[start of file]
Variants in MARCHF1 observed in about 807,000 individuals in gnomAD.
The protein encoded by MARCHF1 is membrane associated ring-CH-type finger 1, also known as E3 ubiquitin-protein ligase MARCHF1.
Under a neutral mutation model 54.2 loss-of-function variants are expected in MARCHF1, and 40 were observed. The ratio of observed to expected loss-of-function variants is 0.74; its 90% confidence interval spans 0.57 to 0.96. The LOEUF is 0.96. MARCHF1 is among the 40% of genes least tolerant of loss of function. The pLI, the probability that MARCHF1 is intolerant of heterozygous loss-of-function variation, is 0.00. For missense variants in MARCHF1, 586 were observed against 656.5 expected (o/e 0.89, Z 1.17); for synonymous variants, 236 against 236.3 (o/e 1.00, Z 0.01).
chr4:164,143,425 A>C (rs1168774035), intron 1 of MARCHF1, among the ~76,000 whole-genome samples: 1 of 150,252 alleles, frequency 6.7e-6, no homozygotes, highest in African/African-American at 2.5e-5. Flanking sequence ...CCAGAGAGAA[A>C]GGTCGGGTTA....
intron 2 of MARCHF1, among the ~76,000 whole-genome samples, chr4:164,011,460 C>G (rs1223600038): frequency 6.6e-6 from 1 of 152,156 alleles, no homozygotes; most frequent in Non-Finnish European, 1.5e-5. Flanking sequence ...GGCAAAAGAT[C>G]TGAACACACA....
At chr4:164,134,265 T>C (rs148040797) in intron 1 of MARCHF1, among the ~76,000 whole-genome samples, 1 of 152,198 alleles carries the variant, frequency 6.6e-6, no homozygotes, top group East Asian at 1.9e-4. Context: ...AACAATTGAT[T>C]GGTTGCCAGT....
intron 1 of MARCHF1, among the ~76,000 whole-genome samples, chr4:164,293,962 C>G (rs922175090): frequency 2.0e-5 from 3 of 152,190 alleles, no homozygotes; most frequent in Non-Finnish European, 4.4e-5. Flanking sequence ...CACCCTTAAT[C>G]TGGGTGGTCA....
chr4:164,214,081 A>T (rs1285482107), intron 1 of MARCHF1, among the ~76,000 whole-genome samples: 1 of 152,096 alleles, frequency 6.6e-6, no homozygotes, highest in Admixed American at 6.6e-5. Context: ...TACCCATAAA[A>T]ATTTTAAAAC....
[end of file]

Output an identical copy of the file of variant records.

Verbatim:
Variants in MARCHF1 observed in about 807,000 individuals in gnomAD.
The protein encoded by MARCHF1 is membrane associated ring-CH-type finger 1, also known as E3 ubiquitin-protein ligase MARCHF1.
Under a neutral mutation model 54.2 loss-of-function variants are expected in MARCHF1, and 40 were observed. The ratio of observed to expected loss-of-function variants is 0.74; its 90% confidence interval spans 0.57 to 0.96. The LOEUF is 0.96. MARCHF1 is among the 40% of genes least tolerant of loss of function. The pLI, the probability that MARCHF1 is intolerant of heterozygous loss-of-function variation, is 0.00. For missense variants in MARCHF1, 586 were observed against 656.5 expected (o/e 0.89, Z 1.17); for synonymous variants, 236 against 236.3 (o/e 1.00, Z 0.01).
chr4:164,143,425 A>C (rs1168774035), intron 1 of MARCHF1, among the ~76,000 whole-genome samples: 1 of 150,252 alleles, frequency 6.7e-6, no homozygotes, highest in African/African-American at 2.5e-5. Flanking sequence ...CCAGAGAGAA[A>C]GGTCGGGTTA....
intron 2 of MARCHF1, among the ~76,000 whole-genome samples, chr4:164,011,460 C>G (rs1223600038): frequency 6.6e-6 from 1 of 152,156 alleles, no homozygotes; most frequent in Non-Finnish European, 1.5e-5. Flanking sequence ...GGCAAAAGAT[C>G]TGAACACACA....
At chr4:164,134,265 T>C (rs148040797) in intron 1 of MARCHF1, among the ~76,000 whole-genome samples, 1 of 152,198 alleles carries the variant, frequency 6.6e-6, no homozygotes, top group East Asian at 1.9e-4. Context: ...AACAATTGAT[T>C]GGTTGCCAGT....
intron 1 of MARCHF1, among the ~76,000 whole-genome samples, chr4:164,293,962 C>G (rs922175090): frequency 2.0e-5 from 3 of 152,190 alleles, no homozygotes; most frequent in Non-Finnish European, 4.4e-5. Flanking sequence ...CACCCTTAAT[C>G]TGGGTGGTCA....
chr4:164,214,081 A>T (rs1285482107), intron 1 of MARCHF1, among the ~76,000 whole-genome samples: 1 of 152,096 alleles, frequency 6.6e-6, no homozygotes, highest in Admixed American at 6.6e-5. Context: ...TACCCATAAA[A>T]ATTTTAAAAC....